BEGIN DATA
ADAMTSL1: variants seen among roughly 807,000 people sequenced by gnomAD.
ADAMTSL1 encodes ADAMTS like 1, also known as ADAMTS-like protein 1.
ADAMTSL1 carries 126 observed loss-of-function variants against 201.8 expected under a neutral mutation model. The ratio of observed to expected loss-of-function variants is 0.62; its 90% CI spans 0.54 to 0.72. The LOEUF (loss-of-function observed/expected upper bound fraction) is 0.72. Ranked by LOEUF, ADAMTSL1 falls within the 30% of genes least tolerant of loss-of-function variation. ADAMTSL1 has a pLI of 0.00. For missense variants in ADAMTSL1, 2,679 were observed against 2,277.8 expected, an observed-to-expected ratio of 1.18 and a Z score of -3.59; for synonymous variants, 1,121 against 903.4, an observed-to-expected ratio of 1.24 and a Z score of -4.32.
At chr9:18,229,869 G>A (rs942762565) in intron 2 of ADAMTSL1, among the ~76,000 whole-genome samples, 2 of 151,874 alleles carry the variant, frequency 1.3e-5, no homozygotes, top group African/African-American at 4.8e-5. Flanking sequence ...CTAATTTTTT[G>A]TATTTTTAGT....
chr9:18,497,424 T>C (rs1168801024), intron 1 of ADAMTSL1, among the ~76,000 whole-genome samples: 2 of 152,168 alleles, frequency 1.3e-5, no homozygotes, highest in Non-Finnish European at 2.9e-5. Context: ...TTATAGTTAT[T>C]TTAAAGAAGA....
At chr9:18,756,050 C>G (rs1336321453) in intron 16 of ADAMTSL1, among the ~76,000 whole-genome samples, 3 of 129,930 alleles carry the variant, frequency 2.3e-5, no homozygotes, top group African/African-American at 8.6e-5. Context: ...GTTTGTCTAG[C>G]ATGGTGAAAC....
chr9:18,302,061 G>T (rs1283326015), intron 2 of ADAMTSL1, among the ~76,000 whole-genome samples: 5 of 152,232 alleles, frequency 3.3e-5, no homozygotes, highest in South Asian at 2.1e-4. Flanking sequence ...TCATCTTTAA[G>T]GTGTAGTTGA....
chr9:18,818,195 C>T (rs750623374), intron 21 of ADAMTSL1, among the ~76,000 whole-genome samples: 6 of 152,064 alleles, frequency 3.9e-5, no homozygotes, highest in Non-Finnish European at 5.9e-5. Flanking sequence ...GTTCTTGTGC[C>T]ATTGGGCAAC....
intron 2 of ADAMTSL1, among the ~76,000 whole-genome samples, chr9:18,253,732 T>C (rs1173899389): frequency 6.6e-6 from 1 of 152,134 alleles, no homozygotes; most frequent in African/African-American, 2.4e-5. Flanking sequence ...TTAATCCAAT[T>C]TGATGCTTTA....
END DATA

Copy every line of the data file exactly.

ADAMTSL1: variants seen among roughly 807,000 people sequenced by gnomAD.
ADAMTSL1 encodes ADAMTS like 1, also known as ADAMTS-like protein 1.
ADAMTSL1 carries 126 observed loss-of-function variants against 201.8 expected under a neutral mutation model. The ratio of observed to expected loss-of-function variants is 0.62; its 90% CI spans 0.54 to 0.72. The LOEUF (loss-of-function observed/expected upper bound fraction) is 0.72. Ranked by LOEUF, ADAMTSL1 falls within the 30% of genes least tolerant of loss-of-function variation. ADAMTSL1 has a pLI of 0.00. For missense variants in ADAMTSL1, 2,679 were observed against 2,277.8 expected, an observed-to-expected ratio of 1.18 and a Z score of -3.59; for synonymous variants, 1,121 against 903.4, an observed-to-expected ratio of 1.24 and a Z score of -4.32.
At chr9:18,229,869 G>A (rs942762565) in intron 2 of ADAMTSL1, among the ~76,000 whole-genome samples, 2 of 151,874 alleles carry the variant, frequency 1.3e-5, no homozygotes, top group African/African-American at 4.8e-5. Flanking sequence ...CTAATTTTTT[G>A]TATTTTTAGT....
chr9:18,497,424 T>C (rs1168801024), intron 1 of ADAMTSL1, among the ~76,000 whole-genome samples: 2 of 152,168 alleles, frequency 1.3e-5, no homozygotes, highest in Non-Finnish European at 2.9e-5. Context: ...TTATAGTTAT[T>C]TTAAAGAAGA....
At chr9:18,756,050 C>G (rs1336321453) in intron 16 of ADAMTSL1, among the ~76,000 whole-genome samples, 3 of 129,930 alleles carry the variant, frequency 2.3e-5, no homozygotes, top group African/African-American at 8.6e-5. Context: ...GTTTGTCTAG[C>G]ATGGTGAAAC....
chr9:18,302,061 G>T (rs1283326015), intron 2 of ADAMTSL1, among the ~76,000 whole-genome samples: 5 of 152,232 alleles, frequency 3.3e-5, no homozygotes, highest in South Asian at 2.1e-4. Flanking sequence ...TCATCTTTAA[G>T]GTGTAGTTGA....
chr9:18,818,195 C>T (rs750623374), intron 21 of ADAMTSL1, among the ~76,000 whole-genome samples: 6 of 152,064 alleles, frequency 3.9e-5, no homozygotes, highest in Non-Finnish European at 5.9e-5. Flanking sequence ...GTTCTTGTGC[C>T]ATTGGGCAAC....
intron 2 of ADAMTSL1, among the ~76,000 whole-genome samples, chr9:18,253,732 T>C (rs1173899389): frequency 6.6e-6 from 1 of 152,134 alleles, no homozygotes; most frequent in African/African-American, 2.4e-5. Flanking sequence ...TTAATCCAAT[T>C]TGATGCTTTA....